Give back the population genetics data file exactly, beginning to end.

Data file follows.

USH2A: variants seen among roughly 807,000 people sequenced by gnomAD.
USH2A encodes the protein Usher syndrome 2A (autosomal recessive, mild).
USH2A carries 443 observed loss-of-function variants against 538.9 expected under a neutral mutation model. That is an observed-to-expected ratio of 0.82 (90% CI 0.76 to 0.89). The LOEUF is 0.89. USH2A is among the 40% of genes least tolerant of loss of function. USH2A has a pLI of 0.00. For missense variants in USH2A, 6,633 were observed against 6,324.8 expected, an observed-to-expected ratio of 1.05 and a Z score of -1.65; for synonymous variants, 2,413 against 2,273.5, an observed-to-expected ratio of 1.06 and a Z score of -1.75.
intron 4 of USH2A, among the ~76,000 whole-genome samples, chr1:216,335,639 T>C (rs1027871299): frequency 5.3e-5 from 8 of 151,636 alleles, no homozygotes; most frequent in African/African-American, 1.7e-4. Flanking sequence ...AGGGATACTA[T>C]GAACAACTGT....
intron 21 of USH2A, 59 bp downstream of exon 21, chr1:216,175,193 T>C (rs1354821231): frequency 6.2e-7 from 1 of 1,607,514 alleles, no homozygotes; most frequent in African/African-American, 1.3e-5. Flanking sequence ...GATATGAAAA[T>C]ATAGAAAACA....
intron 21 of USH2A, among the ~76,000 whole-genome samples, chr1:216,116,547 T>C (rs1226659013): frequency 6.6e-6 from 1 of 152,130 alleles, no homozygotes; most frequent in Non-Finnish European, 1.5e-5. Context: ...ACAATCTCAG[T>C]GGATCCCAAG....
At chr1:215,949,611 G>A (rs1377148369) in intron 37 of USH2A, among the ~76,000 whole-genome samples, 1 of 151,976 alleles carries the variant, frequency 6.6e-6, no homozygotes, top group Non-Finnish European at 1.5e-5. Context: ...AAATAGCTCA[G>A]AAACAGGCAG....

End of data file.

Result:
USH2A: variants seen among roughly 807,000 people sequenced by gnomAD.
USH2A encodes the protein Usher syndrome 2A (autosomal recessive, mild).
USH2A carries 443 observed loss-of-function variants against 538.9 expected under a neutral mutation model. That is an observed-to-expected ratio of 0.82 (90% CI 0.76 to 0.89). The LOEUF is 0.89. USH2A is among the 40% of genes least tolerant of loss of function. USH2A has a pLI of 0.00. For missense variants in USH2A, 6,633 were observed against 6,324.8 expected, an observed-to-expected ratio of 1.05 and a Z score of -1.65; for synonymous variants, 2,413 against 2,273.5, an observed-to-expected ratio of 1.06 and a Z score of -1.75.
intron 4 of USH2A, among the ~76,000 whole-genome samples, chr1:216,335,639 T>C (rs1027871299): frequency 5.3e-5 from 8 of 151,636 alleles, no homozygotes; most frequent in African/African-American, 1.7e-4. Flanking sequence ...AGGGATACTA[T>C]GAACAACTGT....
intron 21 of USH2A, 59 bp downstream of exon 21, chr1:216,175,193 T>C (rs1354821231): frequency 6.2e-7 from 1 of 1,607,514 alleles, no homozygotes; most frequent in African/African-American, 1.3e-5. Flanking sequence ...GATATGAAAA[T>C]ATAGAAAACA....
intron 21 of USH2A, among the ~76,000 whole-genome samples, chr1:216,116,547 T>C (rs1226659013): frequency 6.6e-6 from 1 of 152,130 alleles, no homozygotes; most frequent in Non-Finnish European, 1.5e-5. Context: ...ACAATCTCAG[T>C]GGATCCCAAG....
At chr1:215,949,611 G>A (rs1377148369) in intron 37 of USH2A, among the ~76,000 whole-genome samples, 1 of 151,976 alleles carries the variant, frequency 6.6e-6, no homozygotes, top group Non-Finnish European at 1.5e-5. Context: ...AAATAGCTCA[G>A]AAACAGGCAG....